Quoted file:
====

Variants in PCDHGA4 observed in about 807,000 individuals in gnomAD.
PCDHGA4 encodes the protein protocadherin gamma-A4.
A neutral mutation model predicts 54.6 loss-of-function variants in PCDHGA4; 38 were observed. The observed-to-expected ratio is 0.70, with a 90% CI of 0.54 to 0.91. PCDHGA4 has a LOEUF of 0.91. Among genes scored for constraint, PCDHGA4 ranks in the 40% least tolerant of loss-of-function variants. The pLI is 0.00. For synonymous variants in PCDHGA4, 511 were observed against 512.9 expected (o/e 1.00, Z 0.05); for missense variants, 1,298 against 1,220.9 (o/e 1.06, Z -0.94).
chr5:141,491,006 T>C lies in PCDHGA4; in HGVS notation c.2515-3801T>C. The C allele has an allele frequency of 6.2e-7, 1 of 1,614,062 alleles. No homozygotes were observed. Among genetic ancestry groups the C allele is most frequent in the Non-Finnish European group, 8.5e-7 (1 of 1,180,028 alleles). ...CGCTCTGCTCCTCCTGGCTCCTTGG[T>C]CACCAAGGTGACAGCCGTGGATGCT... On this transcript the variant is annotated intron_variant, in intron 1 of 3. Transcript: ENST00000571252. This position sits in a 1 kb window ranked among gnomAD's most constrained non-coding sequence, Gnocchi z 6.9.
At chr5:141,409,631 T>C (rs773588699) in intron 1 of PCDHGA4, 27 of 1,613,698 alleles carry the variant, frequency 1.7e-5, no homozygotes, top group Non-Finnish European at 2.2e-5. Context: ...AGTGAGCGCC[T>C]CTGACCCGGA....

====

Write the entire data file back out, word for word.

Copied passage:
Variants in PCDHGA4 observed in about 807,000 individuals in gnomAD.
PCDHGA4 encodes the protein protocadherin gamma-A4.
A neutral mutation model predicts 54.6 loss-of-function variants in PCDHGA4; 38 were observed. The observed-to-expected ratio is 0.70, with a 90% CI of 0.54 to 0.91. PCDHGA4 has a LOEUF of 0.91. Among genes scored for constraint, PCDHGA4 ranks in the 40% least tolerant of loss-of-function variants. The pLI is 0.00. For synonymous variants in PCDHGA4, 511 were observed against 512.9 expected (o/e 1.00, Z 0.05); for missense variants, 1,298 against 1,220.9 (o/e 1.06, Z -0.94).
chr5:141,491,006 T>C lies in PCDHGA4; in HGVS notation c.2515-3801T>C. The C allele has an allele frequency of 6.2e-7, 1 of 1,614,062 alleles. No homozygotes were observed. Among genetic ancestry groups the C allele is most frequent in the Non-Finnish European group, 8.5e-7 (1 of 1,180,028 alleles). ...CGCTCTGCTCCTCCTGGCTCCTTGG[T>C]CACCAAGGTGACAGCCGTGGATGCT... On this transcript the variant is annotated intron_variant, in intron 1 of 3. Transcript: ENST00000571252. This position sits in a 1 kb window ranked among gnomAD's most constrained non-coding sequence, Gnocchi z 6.9.
At chr5:141,409,631 T>C (rs773588699) in intron 1 of PCDHGA4, 27 of 1,613,698 alleles carry the variant, frequency 1.7e-5, no homozygotes, top group Non-Finnish European at 2.2e-5. Context: ...AGTGAGCGCC[T>C]CTGACCCGGA....